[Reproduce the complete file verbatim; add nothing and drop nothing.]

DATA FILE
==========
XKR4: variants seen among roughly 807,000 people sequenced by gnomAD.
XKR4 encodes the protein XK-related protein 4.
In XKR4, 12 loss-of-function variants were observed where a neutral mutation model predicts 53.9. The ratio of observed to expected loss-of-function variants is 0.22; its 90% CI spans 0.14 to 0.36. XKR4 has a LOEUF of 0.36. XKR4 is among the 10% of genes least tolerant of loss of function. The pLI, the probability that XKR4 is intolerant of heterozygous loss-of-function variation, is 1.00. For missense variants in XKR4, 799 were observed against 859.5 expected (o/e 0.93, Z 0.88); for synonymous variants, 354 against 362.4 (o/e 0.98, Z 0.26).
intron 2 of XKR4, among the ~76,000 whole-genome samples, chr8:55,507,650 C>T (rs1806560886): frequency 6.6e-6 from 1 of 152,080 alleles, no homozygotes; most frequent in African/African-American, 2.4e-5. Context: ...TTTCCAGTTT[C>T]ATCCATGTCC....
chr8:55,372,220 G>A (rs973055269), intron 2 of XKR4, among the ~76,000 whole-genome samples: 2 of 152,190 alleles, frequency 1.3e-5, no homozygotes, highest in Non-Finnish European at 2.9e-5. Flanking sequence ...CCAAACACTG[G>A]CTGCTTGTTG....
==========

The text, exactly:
XKR4: variants seen among roughly 807,000 people sequenced by gnomAD.
XKR4 encodes the protein XK-related protein 4.
In XKR4, 12 loss-of-function variants were observed where a neutral mutation model predicts 53.9. The ratio of observed to expected loss-of-function variants is 0.22; its 90% CI spans 0.14 to 0.36. XKR4 has a LOEUF of 0.36. XKR4 is among the 10% of genes least tolerant of loss of function. The pLI, the probability that XKR4 is intolerant of heterozygous loss-of-function variation, is 1.00. For missense variants in XKR4, 799 were observed against 859.5 expected (o/e 0.93, Z 0.88); for synonymous variants, 354 against 362.4 (o/e 0.98, Z 0.26).
intron 2 of XKR4, among the ~76,000 whole-genome samples, chr8:55,507,650 C>T (rs1806560886): frequency 6.6e-6 from 1 of 152,080 alleles, no homozygotes; most frequent in African/African-American, 2.4e-5. Context: ...TTTCCAGTTT[C>T]ATCCATGTCC....
chr8:55,372,220 G>A (rs973055269), intron 2 of XKR4, among the ~76,000 whole-genome samples: 2 of 152,190 alleles, frequency 1.3e-5, no homozygotes, highest in Non-Finnish European at 2.9e-5. Flanking sequence ...CCAAACACTG[G>A]CTGCTTGTTG....